The Mark of Excellence

Filmer, the filmer, at the Copper Canyon

Filmer, the filmer, at the Copper Canyon

I don’t hang out much on Facebook but this weekend an old tv colleague posted a bunch of archival photos that sure took me back. Television is a very tenuous business. People come and go from your working life like leaves in the wind. The good ones stick…the others you simply have to let go.

So the Facebook collection prompted me to pop in an old dvd of a special I did in 1998. It was a one-hour documentary, produced aboard my own boat, about sailing from Vancouver, north, to Desolation Sound.

Bound for the Sound

Bound for the Sound

You know, I’m a sentimental soul. The images of the old boat (long since sold) were lovely to look at and the scenery was (and still is) spectacular. But it was the memory of the guy who took all those pictures that really struck me hard. That cameraman, Mark Filmer, was a great good friend and colleague. Viewing the sailing special reminded me of how much he is missed.

We produced five documentaries and countless stories together. We were simply a good combination. I don’t really know why.

We made two trips to Mexico together….once, to some of the great Spanish colonial cities along the country’s spine and another time into the gaping maw that is Barranca del Cobre, the Copper Canyon. Mark was the rock. I was the wreck. I worried, he simply worked. We captured some incredible sights and made our way across Mexico via everything from dilapidated pickup trucks to donkeys. Mark was a sentimental guy as well….and a romantic. I watched him fall in love with a beautiful Mexican gal or two. Like the canyon, Mexican women have eyes into which you can truly tumble.

Our last documentary together was a trip to Newfoundland. We decided to profile one tiny, outport town…Brigus, on the southern shore of Conception Bay.  As usual, we had a fine time…or ‘foin toyme’, as Newfoundlanders would say.

But Mark never got to see that last show. He had lymphoma and knew that unless a bone marrow transplant went well, he wouldn’t be long for this world.

He didn’t make it. I dedicated that documentary to his memory…but it was damn small consolation.

I wish I could call him up and chew the fat. I wish we could have some laughs over a beer recalling all the misadventures. I’m not quite oblivious. I knew those were good days while I living them, I just didn’t realize they’d be among the best.

What was it my dad used to say? Too soon old, too late smart.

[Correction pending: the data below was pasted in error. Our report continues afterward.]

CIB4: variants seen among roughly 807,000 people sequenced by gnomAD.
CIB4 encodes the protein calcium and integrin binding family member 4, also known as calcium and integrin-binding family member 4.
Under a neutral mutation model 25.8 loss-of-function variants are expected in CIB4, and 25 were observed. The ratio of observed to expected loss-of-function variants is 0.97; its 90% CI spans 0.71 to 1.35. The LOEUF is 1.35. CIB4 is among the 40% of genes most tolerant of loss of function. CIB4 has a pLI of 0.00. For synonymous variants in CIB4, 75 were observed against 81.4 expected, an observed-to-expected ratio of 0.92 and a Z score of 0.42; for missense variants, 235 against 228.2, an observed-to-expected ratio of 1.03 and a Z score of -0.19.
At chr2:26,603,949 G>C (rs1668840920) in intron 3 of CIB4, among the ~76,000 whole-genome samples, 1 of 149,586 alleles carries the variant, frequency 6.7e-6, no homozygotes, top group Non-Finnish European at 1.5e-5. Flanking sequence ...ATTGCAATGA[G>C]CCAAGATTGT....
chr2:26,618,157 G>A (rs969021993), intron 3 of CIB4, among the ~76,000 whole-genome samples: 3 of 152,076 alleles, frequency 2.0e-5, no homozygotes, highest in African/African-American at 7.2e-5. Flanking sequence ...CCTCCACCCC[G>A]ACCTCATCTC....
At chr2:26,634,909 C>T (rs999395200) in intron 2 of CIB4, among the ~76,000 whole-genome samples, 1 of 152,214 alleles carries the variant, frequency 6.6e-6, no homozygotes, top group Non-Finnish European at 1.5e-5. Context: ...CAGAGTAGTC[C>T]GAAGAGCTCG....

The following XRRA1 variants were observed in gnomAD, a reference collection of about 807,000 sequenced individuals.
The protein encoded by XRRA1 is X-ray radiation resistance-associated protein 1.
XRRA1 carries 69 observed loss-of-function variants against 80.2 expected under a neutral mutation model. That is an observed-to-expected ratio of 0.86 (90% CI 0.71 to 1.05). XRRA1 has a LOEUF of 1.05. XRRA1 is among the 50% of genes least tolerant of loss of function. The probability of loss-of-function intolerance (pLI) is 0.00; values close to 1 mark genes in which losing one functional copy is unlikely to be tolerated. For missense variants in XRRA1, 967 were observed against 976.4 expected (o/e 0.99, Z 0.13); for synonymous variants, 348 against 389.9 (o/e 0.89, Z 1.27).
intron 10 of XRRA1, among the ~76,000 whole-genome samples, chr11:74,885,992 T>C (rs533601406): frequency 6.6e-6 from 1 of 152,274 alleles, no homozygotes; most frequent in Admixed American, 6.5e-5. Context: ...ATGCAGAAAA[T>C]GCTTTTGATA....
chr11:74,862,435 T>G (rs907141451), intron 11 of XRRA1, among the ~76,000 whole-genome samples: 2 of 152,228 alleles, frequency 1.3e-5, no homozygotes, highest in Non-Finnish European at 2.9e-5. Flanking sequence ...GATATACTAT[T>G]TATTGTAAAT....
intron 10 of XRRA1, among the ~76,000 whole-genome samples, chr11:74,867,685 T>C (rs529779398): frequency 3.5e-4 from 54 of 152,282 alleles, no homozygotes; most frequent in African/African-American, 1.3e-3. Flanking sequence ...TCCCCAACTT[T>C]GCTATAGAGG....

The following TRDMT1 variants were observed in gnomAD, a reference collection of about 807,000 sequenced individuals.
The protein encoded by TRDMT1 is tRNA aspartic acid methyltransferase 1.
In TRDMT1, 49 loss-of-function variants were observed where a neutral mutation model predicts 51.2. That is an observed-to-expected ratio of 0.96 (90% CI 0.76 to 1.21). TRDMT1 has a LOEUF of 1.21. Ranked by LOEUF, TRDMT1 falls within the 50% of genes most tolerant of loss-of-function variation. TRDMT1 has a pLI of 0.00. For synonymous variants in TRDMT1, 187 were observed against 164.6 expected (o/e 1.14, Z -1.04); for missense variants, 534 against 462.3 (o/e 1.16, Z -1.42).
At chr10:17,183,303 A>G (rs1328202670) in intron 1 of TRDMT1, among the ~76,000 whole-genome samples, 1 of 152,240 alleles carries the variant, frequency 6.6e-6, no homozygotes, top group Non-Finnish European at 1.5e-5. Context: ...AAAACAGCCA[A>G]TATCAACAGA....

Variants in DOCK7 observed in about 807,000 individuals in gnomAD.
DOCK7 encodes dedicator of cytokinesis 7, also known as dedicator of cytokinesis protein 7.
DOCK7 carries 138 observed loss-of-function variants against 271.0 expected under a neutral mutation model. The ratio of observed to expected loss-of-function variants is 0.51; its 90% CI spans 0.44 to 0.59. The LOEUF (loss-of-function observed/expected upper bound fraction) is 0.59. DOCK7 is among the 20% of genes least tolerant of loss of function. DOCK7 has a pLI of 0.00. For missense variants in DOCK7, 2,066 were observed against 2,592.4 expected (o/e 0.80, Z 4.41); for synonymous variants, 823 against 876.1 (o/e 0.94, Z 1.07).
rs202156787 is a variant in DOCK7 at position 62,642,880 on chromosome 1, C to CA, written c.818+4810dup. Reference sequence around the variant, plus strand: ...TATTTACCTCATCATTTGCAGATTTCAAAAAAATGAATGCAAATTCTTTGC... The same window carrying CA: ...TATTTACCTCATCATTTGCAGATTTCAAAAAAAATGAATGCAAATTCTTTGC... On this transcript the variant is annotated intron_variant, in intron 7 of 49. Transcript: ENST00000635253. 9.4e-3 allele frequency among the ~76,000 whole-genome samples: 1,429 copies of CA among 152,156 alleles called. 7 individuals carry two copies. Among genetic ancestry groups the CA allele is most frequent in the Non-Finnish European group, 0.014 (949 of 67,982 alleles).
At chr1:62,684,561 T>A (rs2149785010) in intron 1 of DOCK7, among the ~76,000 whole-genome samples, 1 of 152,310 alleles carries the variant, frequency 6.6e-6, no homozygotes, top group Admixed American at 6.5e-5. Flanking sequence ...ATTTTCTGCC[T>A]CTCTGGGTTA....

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13 Responses to “The Mark of Excellence”

  1. Certainly agree with your Dad on that one, Dave! I enjoyed reading this, so sorry about your friend, sounds as though there was quite the bond there and understandably so. There have been a handful of people in my life who I would cherish to be able to sit down with and share a beer (or even coffee!) even just one more time. Out of curiosity, is it possible to view any of those documentaries anywhere? Just finished reading a book called “Born To Run”, all about a tribe of super-runners who inhabit the Copper Canyon, so it was kind of cool to see the pic of Mark, framed by the Copper Canyon, as well. Cheers!

    • Thanks Brian. Alas, these shows (of which there were 10!) are confined to my personal collection. I guess my children can take a look someday, if they’re ever trying to figure out what the hell the old man was doing! TV stations have changed hands/management/ownership so often that there’s no appetite (let alone an actual mechanism) for reviving old programming. Those super-runners of the Copper Canyon are the most extraordinary people.
      Some of the Tarahumara’s still live in caves..and seem quite content. Mark Filmer and I visited one man in his cave and I felt like I had stepped through a time portal. The world is a fascinating place.

  2. Eric Stansfield Says:

    Nice words Dave…reminds me of a couple of projects that I worked with Mark on…thank you for jogging the memory cells…all the best.

  3. Lymphoma…Yuck! Bin dare dun dat. Sorry your friend and work mate didn’t make it through. I like the work mates you have now though. Here’s to cheerier days ahead sir; the kind that make you say of them “those were the best of times”.

  4. Karen Deegan Says:

    I’m thinking the picture is of Dave? – I’ve been wrong before, taking a chance here – you guys may have looked similar? – just curious…

  5. Karen Deegan Says:

    Thank you Dave, great view of that canyon,still have to try & get there-the other shot is awesome-I can almost feel the swells of the water beneath you-thanks again Dave & best wishes for a great day, always

  6. Thanks Dave, I always enjoy reading your posts. Have you condsidered putting the series on youtube? Would love to see it!
    Until next time,
    Take care

    • Thanks Laurie,
      I don’t really know if I could put it on YouTube since I’m not certain who owns it. The station I was working for changed hands more often than your average banana republic over the years. No one would probably give a damn.

  7. Well that didn’t work, I meant to write: You Write Beautiful.

  8. Lester LIghtstone Says:

    Thanks for the memories Dave …. I miss Mark as well. Best to you for the Holidays! Les

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